At first, when Arpeggio shows that he didn't use Clockwerk's brain for anything, you think he just had it to have it. But, when you realize that Clockwerk never came back online, you wonder why? The answer, Arpeggio tampered with the brain so that he could make his evil scheme work.
Or he never turned it on. Since Clockwerk didn't activate when Neyla entered him, it's possible Arpeggio kept his brain off and prevented him from awakening fully so that Clockwerk didn't do anything. Who knows what would've happened if he had it on and Clockwerk woke up.
Or maybe he never even installed the brain. For all we know, it might still be out there...unaffected by the destruction of the Hate Chip...
Based on the fridge horror below, Clockwerk is shown in the background watching the character. Now the reason he doesn't attack Sly or his ancestor is probably cause he may not understand what's going on, why is there another Cooper here in the timeline and how is it he knows the current Coopers' moves and others he didn't know of based on the time period. So instead of attacking him. he's spying on them to discover their strengths and weaknesses so he can formulate a plan of attack. Really adds into the Paranoia Fuel.
Toothpick wears his Sheriff's badge on the wrong side of his chest.
Why is Ms. Decibel attracted toLe Paradox? She has a trumpet stuck up her trunk, so she probably has little, if any, sense of smell.
During some of the hacking segments in Thieves In Time, you can occasionally hear an electronic voice saying stuff like "What are you doing, Bentley?" Knowing that Penelope was working for Le Paradox and is a tech whiz on par with Bentley, isn't it possible that she designed the firewalls and security features on the computers to recognize Bentley's hacking style?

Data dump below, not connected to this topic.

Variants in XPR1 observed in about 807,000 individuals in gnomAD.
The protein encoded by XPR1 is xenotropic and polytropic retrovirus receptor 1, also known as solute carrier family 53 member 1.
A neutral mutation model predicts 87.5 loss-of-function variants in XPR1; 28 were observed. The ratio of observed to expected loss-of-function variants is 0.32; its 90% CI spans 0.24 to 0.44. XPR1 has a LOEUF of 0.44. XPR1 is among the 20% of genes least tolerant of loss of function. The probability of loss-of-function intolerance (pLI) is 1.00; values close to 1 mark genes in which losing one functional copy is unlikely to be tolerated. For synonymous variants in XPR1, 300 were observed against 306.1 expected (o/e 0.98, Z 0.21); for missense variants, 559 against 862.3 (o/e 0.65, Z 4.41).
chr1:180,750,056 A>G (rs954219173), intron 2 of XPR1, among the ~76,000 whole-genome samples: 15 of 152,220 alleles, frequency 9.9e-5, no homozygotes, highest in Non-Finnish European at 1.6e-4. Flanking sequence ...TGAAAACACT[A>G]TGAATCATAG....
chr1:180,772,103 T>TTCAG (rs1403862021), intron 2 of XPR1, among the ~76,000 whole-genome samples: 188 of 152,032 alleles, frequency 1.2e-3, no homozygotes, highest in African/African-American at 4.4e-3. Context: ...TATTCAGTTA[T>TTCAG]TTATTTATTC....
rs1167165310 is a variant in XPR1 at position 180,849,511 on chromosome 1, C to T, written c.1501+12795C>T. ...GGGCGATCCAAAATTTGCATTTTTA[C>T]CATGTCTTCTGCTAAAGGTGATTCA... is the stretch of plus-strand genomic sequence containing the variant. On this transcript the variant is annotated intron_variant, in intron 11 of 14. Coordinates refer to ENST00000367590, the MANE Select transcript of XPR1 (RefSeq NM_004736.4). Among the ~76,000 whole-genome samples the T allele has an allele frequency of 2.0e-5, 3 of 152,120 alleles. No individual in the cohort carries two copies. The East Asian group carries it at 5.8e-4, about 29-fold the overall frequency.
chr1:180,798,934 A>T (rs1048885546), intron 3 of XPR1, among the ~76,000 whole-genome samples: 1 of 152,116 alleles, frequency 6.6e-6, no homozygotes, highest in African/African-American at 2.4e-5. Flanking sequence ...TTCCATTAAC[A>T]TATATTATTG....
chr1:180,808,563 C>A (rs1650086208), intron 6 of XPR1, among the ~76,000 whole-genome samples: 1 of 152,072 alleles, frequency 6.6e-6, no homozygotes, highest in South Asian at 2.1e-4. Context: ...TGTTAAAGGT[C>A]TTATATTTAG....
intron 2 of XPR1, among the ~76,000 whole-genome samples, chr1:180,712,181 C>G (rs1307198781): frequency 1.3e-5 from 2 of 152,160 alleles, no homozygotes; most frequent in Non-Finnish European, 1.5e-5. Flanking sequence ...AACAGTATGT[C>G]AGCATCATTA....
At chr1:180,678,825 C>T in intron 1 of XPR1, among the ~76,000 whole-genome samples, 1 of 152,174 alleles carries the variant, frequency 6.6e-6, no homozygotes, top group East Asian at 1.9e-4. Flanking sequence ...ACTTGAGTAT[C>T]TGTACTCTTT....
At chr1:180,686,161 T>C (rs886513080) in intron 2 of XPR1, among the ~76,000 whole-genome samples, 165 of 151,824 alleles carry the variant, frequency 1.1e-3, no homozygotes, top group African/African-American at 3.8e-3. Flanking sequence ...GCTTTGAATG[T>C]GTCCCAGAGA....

In Sly 2, Murray has to disguise himself as a moose guard in order to get some information from the other guards. He accomplishes this by wearing a taxidermied moose head. A taxidermied moose head that looks exactly like the not-dead guards. In his Let's Play, Kite Ryagara meditates on this briefly before coming to the conclusion that lumberjacks are snooker loopy.
Episode 7 of Sly 2 has a mission that calls upon Sly's pickpocketing skills to retrieve dental radio transmitters from sleeping bears (while they're yawning). How does he do such a delicate task with a huge cane, and such that he doesn't wake the bears?
Sly 2 Episode 1 first pickpocket mission. In order to access the spotlight guns room you have to pick pocket 6 special fragile keys, to slow down the ceiling fans. Being as not many thieves would even think to use the fans to get to the chandelier, one has to wonder how much trouble is it really worth to make sure no one touches your thermostat?